You’ve probably heard some anxiety over whether radiation from cell phones and laptops is lowering sperm count, making men infertile.
While the jury is still out on that one, what you might not have heard is that scientists are discovering that chemicals used in everyday products may contribute to reduced male fertility. Years of research have unveiled a number of chemicals linked to infertility in men.
Epidemiological and laboratory studies have associated certain chemicals, including BPA, certain phthalates, nonylphenol, and the flame retardants tris (1,3-dichloro-2-propyl) phosphate (TDCPP), triphenyl phosphate (TPP), and Polybrominated diphenyl ethers (PBDEs), with male infertility. These chemicals can be found in everything from furniture to laundry detergent to cash register receipts.
Studies on these chemicals reveal that they affect hormonal systems in ways that may lead to reduced sperm count, motility, or quality; result in undescended testicles and deformities of the penis; and contribute to testicular cancer. Other research has shown that such chemicals can cause “feminization” of fish.
A young man's attempt to avoid chemical exposure
Andrew, a 19-year-old college student, read an article about ways to reduce exposure to these toxic chemicals. Not wanting to jeopardize his ability to reproduce, he took the advice to heart. Here’s what he did:
Certain members within the class of chemicals called phthalates can be found in many products, including most products with “fragrance” listed as an ingredient. Andrew decided to stop using air fresheners in his home and in his car. He also asked his mom to switch the household over to unscented laundry detergent.
BPA, a chemical shown to decrease male fertility rates, is often found in the thermal paper used for cash register receipts. Andrew tried to handle sales receipts as little as possible when making store purchases or signing for meals at restaurants. He even used napkins to transfer receipts into his wallet.
Is this really what we're asking of our young men?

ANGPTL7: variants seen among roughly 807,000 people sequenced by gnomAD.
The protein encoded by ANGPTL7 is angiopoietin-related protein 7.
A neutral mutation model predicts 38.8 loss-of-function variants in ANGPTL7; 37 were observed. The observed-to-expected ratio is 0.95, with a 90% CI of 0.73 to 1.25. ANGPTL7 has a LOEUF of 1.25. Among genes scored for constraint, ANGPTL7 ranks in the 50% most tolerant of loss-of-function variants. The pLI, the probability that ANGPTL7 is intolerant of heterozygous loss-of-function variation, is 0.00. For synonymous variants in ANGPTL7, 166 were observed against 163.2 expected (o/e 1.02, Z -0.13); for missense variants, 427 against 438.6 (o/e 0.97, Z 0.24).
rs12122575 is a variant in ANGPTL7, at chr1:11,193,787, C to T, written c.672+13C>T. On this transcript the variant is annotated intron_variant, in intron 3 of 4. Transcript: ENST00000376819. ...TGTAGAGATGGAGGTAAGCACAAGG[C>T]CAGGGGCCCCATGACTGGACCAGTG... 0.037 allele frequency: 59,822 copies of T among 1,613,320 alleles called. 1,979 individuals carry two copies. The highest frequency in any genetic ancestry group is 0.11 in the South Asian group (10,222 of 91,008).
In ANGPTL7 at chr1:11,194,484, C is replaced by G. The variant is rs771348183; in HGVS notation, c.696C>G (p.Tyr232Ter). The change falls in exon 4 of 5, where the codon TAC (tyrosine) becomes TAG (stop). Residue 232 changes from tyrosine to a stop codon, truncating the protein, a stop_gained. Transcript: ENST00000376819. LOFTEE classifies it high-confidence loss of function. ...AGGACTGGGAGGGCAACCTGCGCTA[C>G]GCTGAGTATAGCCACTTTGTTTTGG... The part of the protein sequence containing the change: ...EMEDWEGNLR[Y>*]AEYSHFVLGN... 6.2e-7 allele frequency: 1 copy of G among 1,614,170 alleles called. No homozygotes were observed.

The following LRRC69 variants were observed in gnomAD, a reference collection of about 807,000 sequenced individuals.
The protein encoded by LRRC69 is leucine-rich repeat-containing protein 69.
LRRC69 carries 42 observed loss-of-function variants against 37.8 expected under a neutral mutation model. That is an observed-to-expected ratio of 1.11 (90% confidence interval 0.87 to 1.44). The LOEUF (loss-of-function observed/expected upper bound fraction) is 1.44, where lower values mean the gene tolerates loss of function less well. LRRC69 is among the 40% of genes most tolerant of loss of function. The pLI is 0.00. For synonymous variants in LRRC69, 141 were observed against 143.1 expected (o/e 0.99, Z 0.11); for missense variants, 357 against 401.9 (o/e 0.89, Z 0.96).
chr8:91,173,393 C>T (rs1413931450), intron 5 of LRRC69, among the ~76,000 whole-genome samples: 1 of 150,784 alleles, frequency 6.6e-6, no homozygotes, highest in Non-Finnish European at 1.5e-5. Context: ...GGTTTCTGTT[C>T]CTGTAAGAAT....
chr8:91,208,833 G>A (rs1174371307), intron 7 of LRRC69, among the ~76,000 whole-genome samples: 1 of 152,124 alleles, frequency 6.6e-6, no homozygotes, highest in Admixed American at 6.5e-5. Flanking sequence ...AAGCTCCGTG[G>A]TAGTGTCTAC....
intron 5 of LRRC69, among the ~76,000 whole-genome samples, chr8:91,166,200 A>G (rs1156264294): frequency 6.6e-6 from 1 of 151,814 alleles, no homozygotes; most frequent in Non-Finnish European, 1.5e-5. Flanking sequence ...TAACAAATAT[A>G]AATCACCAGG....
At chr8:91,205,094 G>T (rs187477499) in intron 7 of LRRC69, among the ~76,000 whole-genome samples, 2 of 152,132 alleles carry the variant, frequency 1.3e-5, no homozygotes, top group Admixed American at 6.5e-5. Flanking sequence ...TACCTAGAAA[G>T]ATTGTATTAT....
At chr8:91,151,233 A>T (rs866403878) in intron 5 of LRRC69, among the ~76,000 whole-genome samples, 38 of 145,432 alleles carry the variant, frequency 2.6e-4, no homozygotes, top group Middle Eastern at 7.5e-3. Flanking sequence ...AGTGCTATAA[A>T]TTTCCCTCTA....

Watching Andrew try to sign and put receipts in his wallet without touching them may be slightly humorous, but is this really what we’ve come to?
Andrew made valiant efforts to minimize his contact with chemicals. Sadly, he can’t truly avoid them on his own. When he placed receipts in his wallet using napkins, BPA likely rubbed off the receipts and onto the cash inside. Studies have found that paper money has detectable amounts of BPA on it. Beyond paper receipts, BPA is prevalent in food can linings and polycarbonate plastics. The ubiquity of this chemical is evidenced by its presence in the bodies of over 90% of Americans. Even if Andrew decided never to handle another receipt in his life, he wouldn’t be able to prevent his exposure to BPA.
And his exposure to harmful chemicals doesn’t stop with BPA. Andrew also has to worry about risky substances he might encounter while sitting on the couch at his school’s student center or while walking through air-freshened department stores.
There has to be a better way.
A broken law exposes us all to a chemical free-for-all
Why does Andrew have to worry about all these chemicals he encounters, anyway?
This year marks the 35th anniversary of one of our most inefficient and ineffective laws: The Toxic Substances Control Act, or TSCA. Enacted in 1976, this law grandfathered in 60,000 existing chemicals without requiring any assessment of their potential health effects. There are now 80,000 chemicals available for use, and new chemicals continue to enter the marketplace without any requirement for basic health and safety data. Of these 80,000 chemicals, the EPA has only been able to require adequate testing of about 200.
We’re putting ourselves and future generations at risk by not requiring chemicals to be properly assessed for safety. How can we stand by and allow more and more potentially unsafe chemicals into everyday products?
Better legislation: The Safe Chemicals Act
The best way to fix this situation is to pass new legislation that reforms TSCA. The Safe Chemicals Act of 2011 would do just that. This fall, Congress is poised to take up the Safe Chemicals Act.
The Safe Chemicals Act would give us much stronger protection against toxic chemicals. Manufacturers would have to show their chemicals are safe in order to stay on or enter the market. The act would require that a chemical’s safety be assessed before it is used in the products you buy.
Andrew’s efforts to change the products his mother uses and pick up receipts with napkins were commendable, but asking anyone to undertake such measures is unreasonable – and they won’t stop his exposure to harmful chemicals. The truth is, he shouldn’t have to worry about toxic exposures in the first place.
Certain industry lobbyists are working hard against the Safe Chemicals Act, but with enough support from concerned voters, it can pass. We need to make sure that only safe chemicals are used in the products we buy.
You can protect your and your loved ones’ health — ask your Senators now to support the Safe Chemicals Act.
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